DS: Do you think it is much easier to market products nowadays because of the abundance of social media platforms? Or does traditional media still play an essential part?

Mohammad Rassel: We have a different outlook on this matter. Rather than focusing on what media platforms or marketing tools we are going to use, we try to analyse the current trends in society and market and try to construct a marketing campaign based on the trends.

We are preferably using digital media like Facebook, YouTube, and Google for a particular segment of our customer base. But, we still believe in the power of traditional media because most of the people of our country still find the traditional media as the source for accurate information. So, we heavily advertise our products on television channels and newspapers as well. We are also working on a social site for our consumers.

DS: We are in a dire situation right now because of the pandemic. Many businesses and plans are on hold. But before that, was the climate for starting a startup favourable?

Mohammad Rassel: The mass use of smartphones has started to take off for quite some time now. So, I would say the climate for setting up startups was favourable. But most people were failing to properly make use of these resources that were readily available to them. You cannot blame the people who initially start them as well. If you look at Silicon Valley, a lot of startups make foray each year, but just a handful of them reach the top to become giants of the industry. So, failure is something that comes along with startups.

But you have to persevere those obstacles, and keep working towards your goals, make proper use of the resources that are available to you and learn from your initial mistakes. Even during the pandemic, a lot of people have used the resources and problems that are existing in the market to their advantage and built startups to solve them.

DS: A lot of the times we see people have spectacular ideas to create businesses but lack the initiative or confidence. A lot of fear works within them. What would be your words of wisdom to those people to overcome these obstacles?

Mohammad Rassel: If you don't want to take risks, you can find and take the easy route. But if you're going to take risks to construct your ideas into reality, you have to climb the mountain. That doesn't mean you should jump into it without researching, analysing or training. You should not jump into a pond without learning how to swim.

Fear is an essential part of the process. It will help if you use that fear to gain knowledge about what you are trying to get into and learn the entire process first. You should also expect failures in the beginning as well because not all businesses take off after starting. You shouldn't get disheartened because of failures. You should strengthen your resolve and work harder to get your ideas off the ground.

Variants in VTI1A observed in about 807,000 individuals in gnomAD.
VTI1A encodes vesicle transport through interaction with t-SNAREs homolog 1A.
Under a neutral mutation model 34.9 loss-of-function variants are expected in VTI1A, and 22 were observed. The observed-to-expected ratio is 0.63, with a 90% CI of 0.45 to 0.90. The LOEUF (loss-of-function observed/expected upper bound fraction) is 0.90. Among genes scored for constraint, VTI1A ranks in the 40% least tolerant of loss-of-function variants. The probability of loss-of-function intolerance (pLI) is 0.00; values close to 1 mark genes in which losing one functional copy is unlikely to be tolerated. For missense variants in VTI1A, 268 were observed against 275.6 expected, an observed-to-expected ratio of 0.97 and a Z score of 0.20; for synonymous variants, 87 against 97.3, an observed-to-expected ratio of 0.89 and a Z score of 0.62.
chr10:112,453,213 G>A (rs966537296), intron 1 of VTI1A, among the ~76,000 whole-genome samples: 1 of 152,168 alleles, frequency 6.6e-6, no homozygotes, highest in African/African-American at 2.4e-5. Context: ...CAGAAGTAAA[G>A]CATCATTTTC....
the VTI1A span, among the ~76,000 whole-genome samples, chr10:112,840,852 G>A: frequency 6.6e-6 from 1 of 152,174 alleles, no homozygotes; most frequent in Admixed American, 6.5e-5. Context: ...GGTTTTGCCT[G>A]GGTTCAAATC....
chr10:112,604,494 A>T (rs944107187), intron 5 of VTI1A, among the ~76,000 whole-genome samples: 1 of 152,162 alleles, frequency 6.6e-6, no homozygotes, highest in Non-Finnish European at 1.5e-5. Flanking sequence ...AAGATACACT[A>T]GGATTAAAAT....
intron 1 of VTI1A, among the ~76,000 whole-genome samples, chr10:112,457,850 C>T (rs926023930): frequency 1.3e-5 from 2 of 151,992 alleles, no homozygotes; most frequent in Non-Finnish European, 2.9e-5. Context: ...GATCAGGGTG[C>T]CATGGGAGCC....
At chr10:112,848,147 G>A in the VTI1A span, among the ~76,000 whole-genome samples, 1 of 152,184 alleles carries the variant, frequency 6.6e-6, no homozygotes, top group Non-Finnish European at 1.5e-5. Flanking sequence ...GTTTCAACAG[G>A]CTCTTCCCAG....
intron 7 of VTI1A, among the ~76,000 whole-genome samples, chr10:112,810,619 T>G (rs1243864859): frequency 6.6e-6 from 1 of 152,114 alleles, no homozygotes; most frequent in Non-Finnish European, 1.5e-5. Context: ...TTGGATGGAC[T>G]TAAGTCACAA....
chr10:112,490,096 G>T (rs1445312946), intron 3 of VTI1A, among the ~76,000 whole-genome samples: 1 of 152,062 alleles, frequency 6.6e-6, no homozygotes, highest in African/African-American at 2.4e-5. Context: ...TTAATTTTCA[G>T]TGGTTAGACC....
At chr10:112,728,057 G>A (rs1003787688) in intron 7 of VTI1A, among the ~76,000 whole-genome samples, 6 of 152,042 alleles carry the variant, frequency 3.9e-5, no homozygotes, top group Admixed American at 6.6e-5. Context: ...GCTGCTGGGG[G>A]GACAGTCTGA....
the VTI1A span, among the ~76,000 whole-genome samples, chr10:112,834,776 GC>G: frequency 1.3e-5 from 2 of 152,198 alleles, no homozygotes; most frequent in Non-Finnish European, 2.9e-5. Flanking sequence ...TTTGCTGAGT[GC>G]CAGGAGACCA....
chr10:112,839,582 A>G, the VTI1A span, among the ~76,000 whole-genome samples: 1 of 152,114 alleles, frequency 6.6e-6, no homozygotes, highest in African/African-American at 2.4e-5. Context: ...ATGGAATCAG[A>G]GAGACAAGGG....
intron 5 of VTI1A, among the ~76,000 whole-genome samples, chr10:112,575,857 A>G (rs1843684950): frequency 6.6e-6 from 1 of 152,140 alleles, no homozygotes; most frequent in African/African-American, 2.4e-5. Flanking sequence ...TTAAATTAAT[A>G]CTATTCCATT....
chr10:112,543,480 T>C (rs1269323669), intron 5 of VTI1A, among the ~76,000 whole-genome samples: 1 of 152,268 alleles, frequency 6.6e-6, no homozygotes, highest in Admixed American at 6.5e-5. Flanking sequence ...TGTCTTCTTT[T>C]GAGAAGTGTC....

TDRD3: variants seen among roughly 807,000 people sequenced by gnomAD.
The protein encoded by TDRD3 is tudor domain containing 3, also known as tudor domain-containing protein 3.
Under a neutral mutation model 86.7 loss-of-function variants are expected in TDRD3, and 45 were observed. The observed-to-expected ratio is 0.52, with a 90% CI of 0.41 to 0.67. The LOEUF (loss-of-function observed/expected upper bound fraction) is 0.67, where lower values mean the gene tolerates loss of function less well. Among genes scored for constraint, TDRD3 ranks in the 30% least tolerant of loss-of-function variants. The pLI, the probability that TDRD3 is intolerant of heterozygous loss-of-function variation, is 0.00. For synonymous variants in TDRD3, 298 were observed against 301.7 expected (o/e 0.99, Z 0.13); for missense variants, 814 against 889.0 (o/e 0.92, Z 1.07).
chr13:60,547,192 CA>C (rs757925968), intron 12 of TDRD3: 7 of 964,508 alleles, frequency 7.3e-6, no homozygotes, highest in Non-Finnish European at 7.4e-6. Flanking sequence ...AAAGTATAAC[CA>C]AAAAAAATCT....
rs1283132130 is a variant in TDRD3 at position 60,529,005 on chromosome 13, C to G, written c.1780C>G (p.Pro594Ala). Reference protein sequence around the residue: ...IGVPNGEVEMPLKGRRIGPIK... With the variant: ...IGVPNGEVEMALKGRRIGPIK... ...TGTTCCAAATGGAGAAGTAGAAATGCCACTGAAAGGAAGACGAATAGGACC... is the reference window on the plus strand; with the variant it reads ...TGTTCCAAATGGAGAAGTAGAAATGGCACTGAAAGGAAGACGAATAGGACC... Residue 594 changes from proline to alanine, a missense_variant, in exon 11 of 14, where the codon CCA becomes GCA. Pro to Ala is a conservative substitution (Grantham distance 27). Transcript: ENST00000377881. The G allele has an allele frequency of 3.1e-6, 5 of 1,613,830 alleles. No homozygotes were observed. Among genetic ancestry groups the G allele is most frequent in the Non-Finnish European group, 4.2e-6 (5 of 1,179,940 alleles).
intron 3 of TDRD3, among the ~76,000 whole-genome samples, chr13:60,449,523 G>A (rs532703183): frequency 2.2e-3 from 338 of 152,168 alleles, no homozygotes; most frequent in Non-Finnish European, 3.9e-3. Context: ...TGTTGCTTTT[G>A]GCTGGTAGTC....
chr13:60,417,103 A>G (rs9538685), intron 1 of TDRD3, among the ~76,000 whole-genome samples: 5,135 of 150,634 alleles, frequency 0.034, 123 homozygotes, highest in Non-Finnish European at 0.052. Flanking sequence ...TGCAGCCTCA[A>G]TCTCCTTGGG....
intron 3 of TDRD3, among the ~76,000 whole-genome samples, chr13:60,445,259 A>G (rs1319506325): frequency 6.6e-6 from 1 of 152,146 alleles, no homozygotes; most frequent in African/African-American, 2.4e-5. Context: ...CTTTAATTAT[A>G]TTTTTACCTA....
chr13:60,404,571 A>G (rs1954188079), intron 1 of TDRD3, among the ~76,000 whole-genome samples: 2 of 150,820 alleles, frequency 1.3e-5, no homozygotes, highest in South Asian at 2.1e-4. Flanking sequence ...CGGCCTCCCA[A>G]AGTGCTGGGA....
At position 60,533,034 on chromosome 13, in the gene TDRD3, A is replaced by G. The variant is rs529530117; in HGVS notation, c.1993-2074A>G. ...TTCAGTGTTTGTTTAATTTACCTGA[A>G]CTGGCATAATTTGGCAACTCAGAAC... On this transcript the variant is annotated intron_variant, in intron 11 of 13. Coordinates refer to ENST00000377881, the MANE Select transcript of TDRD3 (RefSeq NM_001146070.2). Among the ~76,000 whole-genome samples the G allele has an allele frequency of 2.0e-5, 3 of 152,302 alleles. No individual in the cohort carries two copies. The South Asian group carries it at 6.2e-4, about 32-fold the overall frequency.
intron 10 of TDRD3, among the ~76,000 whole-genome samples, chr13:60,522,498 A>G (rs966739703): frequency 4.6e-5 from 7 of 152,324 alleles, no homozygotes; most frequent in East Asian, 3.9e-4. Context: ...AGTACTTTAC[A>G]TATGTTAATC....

DS: The rapid growth of e-commerce in recent years has astonished a lot of people. What are the significant impacts that e-commerce is having on the business landscape of Bangladesh?

Mohammad Rassel: E-commerce is giving businesses to manage their inventories properly. Because of knowing the exact amount of materials they need to procure through analysing their data, they have been able to reduce a lot of costs in keeping a surplus inventory, which most of the time results in losses as well. It is also helping them acquire materials based on the number of orders they get. If you look at it from a national level, it is having a significant impact on the growth of our GDP as well.

Also, reducing the costs of businesses are, in turn, helping consumers get a quality product at affordable prices. The standard of living of our citizens is increasing day by day as a result of the growth of e-commerce. So, both parties are getting equal benefit from e-commerce platforms. It is helping us in exporting our products.

DS: What is the upcoming project/initiative that your customers should be excited about?

Mohammad Rassel: We plan to give as many services as possible. We currently have Evaly, E-food, E-khata and some other ventures. We are eying at making a healthcare platform called E-Health in the coming days. We are also interested in developing tech for the education sector and the agriculture sector.

We are not that innovative; we are just trying to follow the existing business processes and demands and trying to take initiatives that are more effective and efficient than our competitors to provide better services to our consumers. That's our goal. It is the reaction of the customer that we are listening to developing these platforms rather than surprising them with it. If the market demands certain services, we will try our best to fulfil those needs.